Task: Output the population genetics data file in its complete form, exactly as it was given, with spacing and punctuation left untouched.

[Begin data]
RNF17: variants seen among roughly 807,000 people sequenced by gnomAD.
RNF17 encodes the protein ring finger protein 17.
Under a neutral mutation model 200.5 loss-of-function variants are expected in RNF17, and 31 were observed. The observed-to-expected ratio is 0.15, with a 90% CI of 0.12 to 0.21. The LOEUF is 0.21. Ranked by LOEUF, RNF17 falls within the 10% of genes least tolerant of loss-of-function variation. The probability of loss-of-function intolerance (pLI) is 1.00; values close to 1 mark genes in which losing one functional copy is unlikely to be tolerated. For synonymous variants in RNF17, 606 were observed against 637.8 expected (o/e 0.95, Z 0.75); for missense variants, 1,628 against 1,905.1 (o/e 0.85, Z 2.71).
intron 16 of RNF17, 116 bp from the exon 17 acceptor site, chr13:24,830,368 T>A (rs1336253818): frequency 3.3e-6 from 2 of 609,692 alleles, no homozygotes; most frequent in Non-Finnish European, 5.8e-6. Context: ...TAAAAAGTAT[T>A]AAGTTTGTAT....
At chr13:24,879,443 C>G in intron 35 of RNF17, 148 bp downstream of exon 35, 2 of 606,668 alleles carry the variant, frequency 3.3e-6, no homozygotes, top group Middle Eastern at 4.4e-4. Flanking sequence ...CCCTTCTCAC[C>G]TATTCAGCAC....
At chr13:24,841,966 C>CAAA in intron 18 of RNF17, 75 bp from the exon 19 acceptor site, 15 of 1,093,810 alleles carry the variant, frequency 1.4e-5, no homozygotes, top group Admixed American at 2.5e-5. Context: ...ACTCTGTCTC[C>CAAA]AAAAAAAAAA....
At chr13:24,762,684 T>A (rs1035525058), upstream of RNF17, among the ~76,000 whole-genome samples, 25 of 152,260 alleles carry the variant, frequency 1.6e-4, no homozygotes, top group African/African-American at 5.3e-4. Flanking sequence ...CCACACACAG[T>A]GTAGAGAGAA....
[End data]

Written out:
RNF17: variants seen among roughly 807,000 people sequenced by gnomAD.
RNF17 encodes the protein ring finger protein 17.
Under a neutral mutation model 200.5 loss-of-function variants are expected in RNF17, and 31 were observed. The observed-to-expected ratio is 0.15, with a 90% CI of 0.12 to 0.21. The LOEUF is 0.21. Ranked by LOEUF, RNF17 falls within the 10% of genes least tolerant of loss-of-function variation. The probability of loss-of-function intolerance (pLI) is 1.00; values close to 1 mark genes in which losing one functional copy is unlikely to be tolerated. For synonymous variants in RNF17, 606 were observed against 637.8 expected (o/e 0.95, Z 0.75); for missense variants, 1,628 against 1,905.1 (o/e 0.85, Z 2.71).
intron 16 of RNF17, 116 bp from the exon 17 acceptor site, chr13:24,830,368 T>A (rs1336253818): frequency 3.3e-6 from 2 of 609,692 alleles, no homozygotes; most frequent in Non-Finnish European, 5.8e-6. Context: ...TAAAAAGTAT[T>A]AAGTTTGTAT....
At chr13:24,879,443 C>G in intron 35 of RNF17, 148 bp downstream of exon 35, 2 of 606,668 alleles carry the variant, frequency 3.3e-6, no homozygotes, top group Middle Eastern at 4.4e-4. Flanking sequence ...CCCTTCTCAC[C>G]TATTCAGCAC....
At chr13:24,841,966 C>CAAA in intron 18 of RNF17, 75 bp from the exon 19 acceptor site, 15 of 1,093,810 alleles carry the variant, frequency 1.4e-5, no homozygotes, top group Admixed American at 2.5e-5. Context: ...ACTCTGTCTC[C>CAAA]AAAAAAAAAA....
At chr13:24,762,684 T>A (rs1035525058), upstream of RNF17, among the ~76,000 whole-genome samples, 25 of 152,260 alleles carry the variant, frequency 1.6e-4, no homozygotes, top group African/African-American at 5.3e-4. Flanking sequence ...CCACACACAG[T>A]GTAGAGAGAA....